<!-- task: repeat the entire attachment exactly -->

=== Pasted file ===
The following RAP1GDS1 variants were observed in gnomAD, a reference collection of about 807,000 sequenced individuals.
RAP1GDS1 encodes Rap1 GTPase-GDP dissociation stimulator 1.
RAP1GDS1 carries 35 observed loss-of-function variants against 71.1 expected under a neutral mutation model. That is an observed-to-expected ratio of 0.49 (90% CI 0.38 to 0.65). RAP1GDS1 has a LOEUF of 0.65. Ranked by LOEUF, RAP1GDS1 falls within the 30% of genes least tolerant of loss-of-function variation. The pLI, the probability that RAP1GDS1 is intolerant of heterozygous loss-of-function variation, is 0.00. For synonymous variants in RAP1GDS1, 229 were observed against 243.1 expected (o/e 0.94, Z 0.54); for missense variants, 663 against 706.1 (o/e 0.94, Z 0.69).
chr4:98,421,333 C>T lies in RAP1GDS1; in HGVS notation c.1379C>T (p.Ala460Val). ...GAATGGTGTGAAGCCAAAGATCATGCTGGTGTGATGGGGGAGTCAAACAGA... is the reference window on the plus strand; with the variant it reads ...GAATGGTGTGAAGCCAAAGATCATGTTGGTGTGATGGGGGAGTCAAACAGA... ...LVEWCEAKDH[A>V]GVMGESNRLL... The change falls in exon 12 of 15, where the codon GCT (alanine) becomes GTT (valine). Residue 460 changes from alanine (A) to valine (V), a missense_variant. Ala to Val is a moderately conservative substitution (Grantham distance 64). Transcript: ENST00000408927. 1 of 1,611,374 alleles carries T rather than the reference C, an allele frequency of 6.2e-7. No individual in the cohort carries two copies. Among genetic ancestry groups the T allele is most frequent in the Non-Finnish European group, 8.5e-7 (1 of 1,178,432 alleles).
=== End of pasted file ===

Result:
The following RAP1GDS1 variants were observed in gnomAD, a reference collection of about 807,000 sequenced individuals.
RAP1GDS1 encodes Rap1 GTPase-GDP dissociation stimulator 1.
RAP1GDS1 carries 35 observed loss-of-function variants against 71.1 expected under a neutral mutation model. That is an observed-to-expected ratio of 0.49 (90% CI 0.38 to 0.65). RAP1GDS1 has a LOEUF of 0.65. Ranked by LOEUF, RAP1GDS1 falls within the 30% of genes least tolerant of loss-of-function variation. The pLI, the probability that RAP1GDS1 is intolerant of heterozygous loss-of-function variation, is 0.00. For synonymous variants in RAP1GDS1, 229 were observed against 243.1 expected (o/e 0.94, Z 0.54); for missense variants, 663 against 706.1 (o/e 0.94, Z 0.69).
chr4:98,421,333 C>T lies in RAP1GDS1; in HGVS notation c.1379C>T (p.Ala460Val). ...GAATGGTGTGAAGCCAAAGATCATGCTGGTGTGATGGGGGAGTCAAACAGA... is the reference window on the plus strand; with the variant it reads ...GAATGGTGTGAAGCCAAAGATCATGTTGGTGTGATGGGGGAGTCAAACAGA... ...LVEWCEAKDH[A>V]GVMGESNRLL... The change falls in exon 12 of 15, where the codon GCT (alanine) becomes GTT (valine). Residue 460 changes from alanine (A) to valine (V), a missense_variant. Ala to Val is a moderately conservative substitution (Grantham distance 64). Transcript: ENST00000408927. 1 of 1,611,374 alleles carries T rather than the reference C, an allele frequency of 6.2e-7. No individual in the cohort carries two copies. Among genetic ancestry groups the T allele is most frequent in the Non-Finnish European group, 8.5e-7 (1 of 1,178,432 alleles).